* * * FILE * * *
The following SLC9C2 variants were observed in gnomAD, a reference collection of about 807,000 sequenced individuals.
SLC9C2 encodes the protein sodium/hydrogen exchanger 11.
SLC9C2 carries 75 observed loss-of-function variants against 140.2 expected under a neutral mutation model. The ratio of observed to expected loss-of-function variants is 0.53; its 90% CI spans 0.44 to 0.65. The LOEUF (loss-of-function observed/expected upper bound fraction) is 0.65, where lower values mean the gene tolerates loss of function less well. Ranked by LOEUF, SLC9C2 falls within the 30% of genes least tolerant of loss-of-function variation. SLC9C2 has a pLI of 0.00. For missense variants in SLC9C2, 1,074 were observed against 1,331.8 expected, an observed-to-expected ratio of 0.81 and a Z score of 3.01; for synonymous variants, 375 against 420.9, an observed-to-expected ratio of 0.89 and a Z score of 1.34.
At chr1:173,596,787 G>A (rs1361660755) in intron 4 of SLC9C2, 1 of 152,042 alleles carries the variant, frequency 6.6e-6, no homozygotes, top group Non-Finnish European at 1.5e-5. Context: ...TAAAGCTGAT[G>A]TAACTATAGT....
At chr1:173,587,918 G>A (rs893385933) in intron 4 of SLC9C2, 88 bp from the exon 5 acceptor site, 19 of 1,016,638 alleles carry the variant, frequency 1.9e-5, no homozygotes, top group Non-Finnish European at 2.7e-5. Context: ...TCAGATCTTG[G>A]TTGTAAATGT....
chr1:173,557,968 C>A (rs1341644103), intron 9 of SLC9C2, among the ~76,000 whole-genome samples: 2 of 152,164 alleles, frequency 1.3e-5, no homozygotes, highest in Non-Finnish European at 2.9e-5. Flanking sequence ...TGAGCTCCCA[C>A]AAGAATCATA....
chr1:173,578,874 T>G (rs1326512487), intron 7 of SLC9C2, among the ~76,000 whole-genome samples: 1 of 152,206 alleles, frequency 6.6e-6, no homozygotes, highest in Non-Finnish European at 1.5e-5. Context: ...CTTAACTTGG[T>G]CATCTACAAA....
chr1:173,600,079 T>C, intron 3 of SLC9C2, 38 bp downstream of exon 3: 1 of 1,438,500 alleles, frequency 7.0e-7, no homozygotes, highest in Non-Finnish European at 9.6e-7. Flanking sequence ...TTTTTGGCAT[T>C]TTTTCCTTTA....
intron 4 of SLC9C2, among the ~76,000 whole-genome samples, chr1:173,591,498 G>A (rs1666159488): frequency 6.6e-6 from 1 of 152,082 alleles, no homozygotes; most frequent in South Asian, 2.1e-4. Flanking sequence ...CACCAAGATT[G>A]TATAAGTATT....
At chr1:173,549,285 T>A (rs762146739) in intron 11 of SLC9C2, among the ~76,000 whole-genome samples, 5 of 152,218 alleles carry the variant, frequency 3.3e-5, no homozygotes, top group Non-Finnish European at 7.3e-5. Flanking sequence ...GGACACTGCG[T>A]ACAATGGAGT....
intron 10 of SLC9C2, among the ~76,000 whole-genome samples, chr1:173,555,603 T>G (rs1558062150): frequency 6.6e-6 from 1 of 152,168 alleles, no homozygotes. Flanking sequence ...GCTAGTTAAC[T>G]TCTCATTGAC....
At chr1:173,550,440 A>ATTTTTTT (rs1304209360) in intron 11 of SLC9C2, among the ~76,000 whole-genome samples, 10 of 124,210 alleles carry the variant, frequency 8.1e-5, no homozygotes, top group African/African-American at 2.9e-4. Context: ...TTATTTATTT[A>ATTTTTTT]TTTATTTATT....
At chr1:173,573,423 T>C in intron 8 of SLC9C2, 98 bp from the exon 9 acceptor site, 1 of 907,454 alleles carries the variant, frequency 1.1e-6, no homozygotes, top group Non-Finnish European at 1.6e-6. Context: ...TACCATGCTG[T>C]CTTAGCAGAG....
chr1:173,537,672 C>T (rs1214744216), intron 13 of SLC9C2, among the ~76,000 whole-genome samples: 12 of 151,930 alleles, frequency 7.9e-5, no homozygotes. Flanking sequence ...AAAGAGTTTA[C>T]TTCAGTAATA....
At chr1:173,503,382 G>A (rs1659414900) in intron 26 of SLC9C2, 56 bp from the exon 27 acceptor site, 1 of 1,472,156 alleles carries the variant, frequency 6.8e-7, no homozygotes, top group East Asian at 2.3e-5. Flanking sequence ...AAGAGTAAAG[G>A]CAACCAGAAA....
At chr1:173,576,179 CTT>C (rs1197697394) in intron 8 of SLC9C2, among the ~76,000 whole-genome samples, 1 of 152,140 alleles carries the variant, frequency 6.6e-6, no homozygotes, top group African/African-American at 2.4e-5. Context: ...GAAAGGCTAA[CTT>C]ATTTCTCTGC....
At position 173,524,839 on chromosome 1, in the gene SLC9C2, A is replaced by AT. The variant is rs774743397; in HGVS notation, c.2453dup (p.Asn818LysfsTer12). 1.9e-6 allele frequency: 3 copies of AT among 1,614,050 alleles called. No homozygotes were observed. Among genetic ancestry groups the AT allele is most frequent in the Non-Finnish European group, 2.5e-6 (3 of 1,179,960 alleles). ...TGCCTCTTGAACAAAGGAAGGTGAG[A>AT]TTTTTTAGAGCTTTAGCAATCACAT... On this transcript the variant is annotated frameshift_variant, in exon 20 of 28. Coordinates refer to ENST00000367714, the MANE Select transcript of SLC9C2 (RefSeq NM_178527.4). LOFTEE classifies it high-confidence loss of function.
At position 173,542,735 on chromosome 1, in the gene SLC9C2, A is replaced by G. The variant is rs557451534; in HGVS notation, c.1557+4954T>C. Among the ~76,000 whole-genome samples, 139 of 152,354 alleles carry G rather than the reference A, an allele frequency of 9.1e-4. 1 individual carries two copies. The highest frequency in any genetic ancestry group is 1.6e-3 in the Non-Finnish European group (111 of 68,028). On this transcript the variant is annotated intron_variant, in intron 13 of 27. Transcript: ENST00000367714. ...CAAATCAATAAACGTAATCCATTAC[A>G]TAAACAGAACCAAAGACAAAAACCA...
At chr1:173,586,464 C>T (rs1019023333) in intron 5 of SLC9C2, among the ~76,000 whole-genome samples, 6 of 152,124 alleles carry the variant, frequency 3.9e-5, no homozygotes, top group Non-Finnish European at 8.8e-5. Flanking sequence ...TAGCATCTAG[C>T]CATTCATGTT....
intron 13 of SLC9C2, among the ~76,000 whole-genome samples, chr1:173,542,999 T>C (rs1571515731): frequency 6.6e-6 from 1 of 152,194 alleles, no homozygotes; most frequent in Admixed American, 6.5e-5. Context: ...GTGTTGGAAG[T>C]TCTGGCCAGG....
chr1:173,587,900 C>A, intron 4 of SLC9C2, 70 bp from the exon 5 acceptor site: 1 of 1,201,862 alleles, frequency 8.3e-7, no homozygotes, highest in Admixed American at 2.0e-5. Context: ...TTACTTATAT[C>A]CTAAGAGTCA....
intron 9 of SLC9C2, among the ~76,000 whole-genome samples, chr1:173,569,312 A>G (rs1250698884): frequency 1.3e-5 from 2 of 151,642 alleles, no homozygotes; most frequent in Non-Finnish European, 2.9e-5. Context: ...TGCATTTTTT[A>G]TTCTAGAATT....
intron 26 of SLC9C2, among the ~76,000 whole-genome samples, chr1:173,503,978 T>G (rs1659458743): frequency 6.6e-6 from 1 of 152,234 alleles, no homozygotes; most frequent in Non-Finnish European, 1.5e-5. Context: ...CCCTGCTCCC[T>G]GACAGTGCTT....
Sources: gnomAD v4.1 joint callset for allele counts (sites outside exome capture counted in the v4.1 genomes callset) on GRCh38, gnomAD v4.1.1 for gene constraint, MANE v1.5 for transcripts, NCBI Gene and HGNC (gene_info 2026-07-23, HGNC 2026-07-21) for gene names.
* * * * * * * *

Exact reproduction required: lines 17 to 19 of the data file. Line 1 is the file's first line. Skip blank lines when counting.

At position 173,524,839 on chromosome 1, in the gene SLC9C2, A is replaced by AT. The variant is rs774743397; in HGVS notation, c.2453dup (p.Asn818LysfsTer12). 1.9e-6 allele frequency: 3 copies of AT among 1,614,050 alleles called. No homozygotes were observed. Among genetic ancestry groups the AT allele is most frequent in the Non-Finnish European group, 2.5e-6 (3 of 1,179,960 alleles). ...TGCCTCTTGAACAAAGGAAGGTGAG[A>AT]TTTTTTAGAGCTTTAGCAATCACAT... On this transcript the variant is annotated frameshift_variant, in exon 20 of 28. Coordinates refer to ENST00000367714, the MANE Select transcript of SLC9C2 (RefSeq NM_178527.4). LOFTEE classifies it high-confidence loss of function.
At position 173,542,735 on chromosome 1, in the gene SLC9C2, A is replaced by G. The variant is rs557451534; in HGVS notation, c.1557+4954T>C. Among the ~76,000 whole-genome samples, 139 of 152,354 alleles carry G rather than the reference A, an allele frequency of 9.1e-4. 1 individual carries two copies. The highest frequency in any genetic ancestry group is 1.6e-3 in the Non-Finnish European group (111 of 68,028). On this transcript the variant is annotated intron_variant, in intron 13 of 27. Transcript: ENST00000367714. ...CAAATCAATAAACGTAATCCATTAC[A>G]TAAACAGAACCAAAGACAAAAACCA...
At chr1:173,586,464 C>T (rs1019023333) in intron 5 of SLC9C2, among the ~76,000 whole-genome samples, 6 of 152,124 alleles carry the variant, frequency 3.9e-5, no homozygotes, top group Non-Finnish European at 8.8e-5. Flanking sequence ...TAGCATCTAG[C>T]CATTCATGTT....